Not mine, but it was someone's moving day in Osan today. This is just an awesome piece of Korean random information, and it is entitled to its very own blog entry.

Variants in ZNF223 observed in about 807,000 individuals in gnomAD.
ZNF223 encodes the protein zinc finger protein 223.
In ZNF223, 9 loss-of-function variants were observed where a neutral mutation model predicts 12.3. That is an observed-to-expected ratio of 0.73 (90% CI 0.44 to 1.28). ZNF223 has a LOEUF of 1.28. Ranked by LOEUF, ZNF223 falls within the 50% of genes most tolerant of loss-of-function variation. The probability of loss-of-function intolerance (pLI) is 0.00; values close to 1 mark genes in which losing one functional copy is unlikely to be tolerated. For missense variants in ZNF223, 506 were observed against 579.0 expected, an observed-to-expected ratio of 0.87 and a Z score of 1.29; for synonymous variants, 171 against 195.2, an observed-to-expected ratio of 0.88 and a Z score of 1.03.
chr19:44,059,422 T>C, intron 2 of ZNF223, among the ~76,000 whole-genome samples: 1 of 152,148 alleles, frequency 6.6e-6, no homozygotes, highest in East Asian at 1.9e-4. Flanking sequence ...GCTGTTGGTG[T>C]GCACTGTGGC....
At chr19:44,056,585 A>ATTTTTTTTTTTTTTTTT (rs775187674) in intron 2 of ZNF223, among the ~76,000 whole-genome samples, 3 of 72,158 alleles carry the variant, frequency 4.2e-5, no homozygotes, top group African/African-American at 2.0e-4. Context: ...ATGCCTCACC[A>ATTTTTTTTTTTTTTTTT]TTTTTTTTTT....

Today is Korea's Independence Day and a national holiday. I was invited to a fellow Canadians place for a magnificent breakfast of pancakes, fruit salad, maple syrup and some hometown coffee. This is one thing Korea does not do, breakfast. I miss the greasy spoon joints that were so much a part of my life at home. I can make it all at home in my kitchen, but it just doesn't taste the same as my eggs ordered over easy, home fries, brown toast, sausages & bottomless coffee, usually for in and around 5 bucks. I digress. Moving Day. So on the way to my friends this morning for breakfast, I stumbled upon 2 moving day operations. In Korea everyone lives in shoebox housing complexes. These are massive high rise apartment buildings and almost all of them have glassed in balconies. The purpose of these balconies is mostly for moving. A moving truck here is not only one that can carry all your junk from A to B, but also one with a retractable arm and a platform. It zips (literally zips, they're so quick!) to the top, the doors slide open, load 'em up and back down it zips to the truck, whether you're on the 2nd floor or the 52nd floor. No taking doors off hinges, unscrewing banisters, jamming things through stair wells (yelling "PIVOT!", hahahaha), cramming things into elevators, scratching walls, chipping paint, and the last resort of sawing things in half in a desperate attempt of removal. Having been through a combination of some or all of these things during one move or another, I can definitely say Korea has it right. Once your belongings are safely down and transfered from the platform to the bed of the truck, you just need to get to your next destination and repeat process in the opposite order. Brilliant, I think the rest of the world could learn from this process.